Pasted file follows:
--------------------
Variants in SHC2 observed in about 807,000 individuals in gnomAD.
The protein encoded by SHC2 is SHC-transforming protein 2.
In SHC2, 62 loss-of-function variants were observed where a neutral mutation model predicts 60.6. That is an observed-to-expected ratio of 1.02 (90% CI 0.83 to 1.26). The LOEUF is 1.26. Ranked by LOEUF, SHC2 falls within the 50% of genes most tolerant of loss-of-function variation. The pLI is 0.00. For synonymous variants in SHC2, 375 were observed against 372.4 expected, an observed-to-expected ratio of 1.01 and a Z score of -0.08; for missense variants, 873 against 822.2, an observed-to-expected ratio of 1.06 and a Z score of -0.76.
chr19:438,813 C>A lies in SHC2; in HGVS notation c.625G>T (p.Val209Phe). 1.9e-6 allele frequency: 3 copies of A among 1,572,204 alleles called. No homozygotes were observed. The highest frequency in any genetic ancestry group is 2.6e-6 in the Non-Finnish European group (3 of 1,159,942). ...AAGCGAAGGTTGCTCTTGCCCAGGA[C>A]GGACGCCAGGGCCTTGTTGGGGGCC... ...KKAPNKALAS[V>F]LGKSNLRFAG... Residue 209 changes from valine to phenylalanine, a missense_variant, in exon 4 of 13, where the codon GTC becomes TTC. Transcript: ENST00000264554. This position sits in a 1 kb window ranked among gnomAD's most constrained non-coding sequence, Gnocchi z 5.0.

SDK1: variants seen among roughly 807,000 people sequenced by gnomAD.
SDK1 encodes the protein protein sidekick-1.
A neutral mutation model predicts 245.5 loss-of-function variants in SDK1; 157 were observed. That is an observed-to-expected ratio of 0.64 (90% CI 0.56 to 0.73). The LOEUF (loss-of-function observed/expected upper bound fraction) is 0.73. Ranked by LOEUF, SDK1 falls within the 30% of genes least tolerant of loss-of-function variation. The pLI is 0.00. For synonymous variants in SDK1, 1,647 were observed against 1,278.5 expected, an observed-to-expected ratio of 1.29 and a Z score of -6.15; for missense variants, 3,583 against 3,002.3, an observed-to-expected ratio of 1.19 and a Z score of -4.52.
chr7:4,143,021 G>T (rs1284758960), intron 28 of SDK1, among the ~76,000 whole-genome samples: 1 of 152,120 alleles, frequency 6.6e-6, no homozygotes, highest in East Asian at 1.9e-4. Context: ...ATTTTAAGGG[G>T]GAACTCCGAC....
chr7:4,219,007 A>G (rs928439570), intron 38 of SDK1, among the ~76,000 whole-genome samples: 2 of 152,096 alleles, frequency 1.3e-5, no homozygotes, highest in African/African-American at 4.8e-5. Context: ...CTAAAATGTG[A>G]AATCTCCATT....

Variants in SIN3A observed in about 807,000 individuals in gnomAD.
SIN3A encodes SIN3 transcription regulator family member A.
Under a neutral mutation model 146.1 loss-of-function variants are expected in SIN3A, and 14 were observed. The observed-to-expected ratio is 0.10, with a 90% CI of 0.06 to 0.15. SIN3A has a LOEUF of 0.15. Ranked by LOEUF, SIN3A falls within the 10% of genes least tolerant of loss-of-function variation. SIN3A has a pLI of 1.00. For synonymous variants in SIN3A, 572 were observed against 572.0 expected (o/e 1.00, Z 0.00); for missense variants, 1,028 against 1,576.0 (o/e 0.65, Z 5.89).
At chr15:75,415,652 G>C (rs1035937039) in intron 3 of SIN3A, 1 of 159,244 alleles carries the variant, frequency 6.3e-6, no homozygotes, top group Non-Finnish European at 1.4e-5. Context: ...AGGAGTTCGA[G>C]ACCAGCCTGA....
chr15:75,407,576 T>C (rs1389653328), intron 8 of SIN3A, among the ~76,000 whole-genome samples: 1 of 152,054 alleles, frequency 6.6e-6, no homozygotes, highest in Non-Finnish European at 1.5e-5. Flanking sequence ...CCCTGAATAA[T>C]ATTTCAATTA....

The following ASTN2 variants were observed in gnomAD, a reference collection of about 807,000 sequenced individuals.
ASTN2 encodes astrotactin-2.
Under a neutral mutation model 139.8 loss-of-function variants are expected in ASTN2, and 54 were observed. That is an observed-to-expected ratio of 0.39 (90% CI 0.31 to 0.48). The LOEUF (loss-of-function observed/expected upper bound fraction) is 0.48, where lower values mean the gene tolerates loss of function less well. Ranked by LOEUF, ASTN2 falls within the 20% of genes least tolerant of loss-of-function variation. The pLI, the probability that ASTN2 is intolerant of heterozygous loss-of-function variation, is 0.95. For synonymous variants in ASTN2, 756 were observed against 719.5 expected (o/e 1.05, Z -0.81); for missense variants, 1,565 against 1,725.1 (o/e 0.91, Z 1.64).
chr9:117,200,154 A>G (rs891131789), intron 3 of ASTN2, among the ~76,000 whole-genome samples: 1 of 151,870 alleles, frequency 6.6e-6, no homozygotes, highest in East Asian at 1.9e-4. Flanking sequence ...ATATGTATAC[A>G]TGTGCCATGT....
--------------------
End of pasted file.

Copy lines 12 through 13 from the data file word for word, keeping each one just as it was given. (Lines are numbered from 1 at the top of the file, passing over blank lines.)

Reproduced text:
Under a neutral mutation model 146.1 loss-of-function variants are expected in SIN3A, and 14 were observed. The observed-to-expected ratio is 0.10, with a 90% CI of 0.06 to 0.15. SIN3A has a LOEUF of 0.15. Ranked by LOEUF, SIN3A falls within the 10% of genes least tolerant of loss-of-function variation. SIN3A has a pLI of 1.00. For synonymous variants in SIN3A, 572 were observed against 572.0 expected (o/e 1.00, Z 0.00); for missense variants, 1,028 against 1,576.0 (o/e 0.65, Z 5.89).
At chr15:75,415,652 G>C (rs1035937039) in intron 3 of SIN3A, 1 of 159,244 alleles carries the variant, frequency 6.3e-6, no homozygotes, top group Non-Finnish European at 1.4e-5. Context: ...AGGAGTTCGA[G>C]ACCAGCCTGA....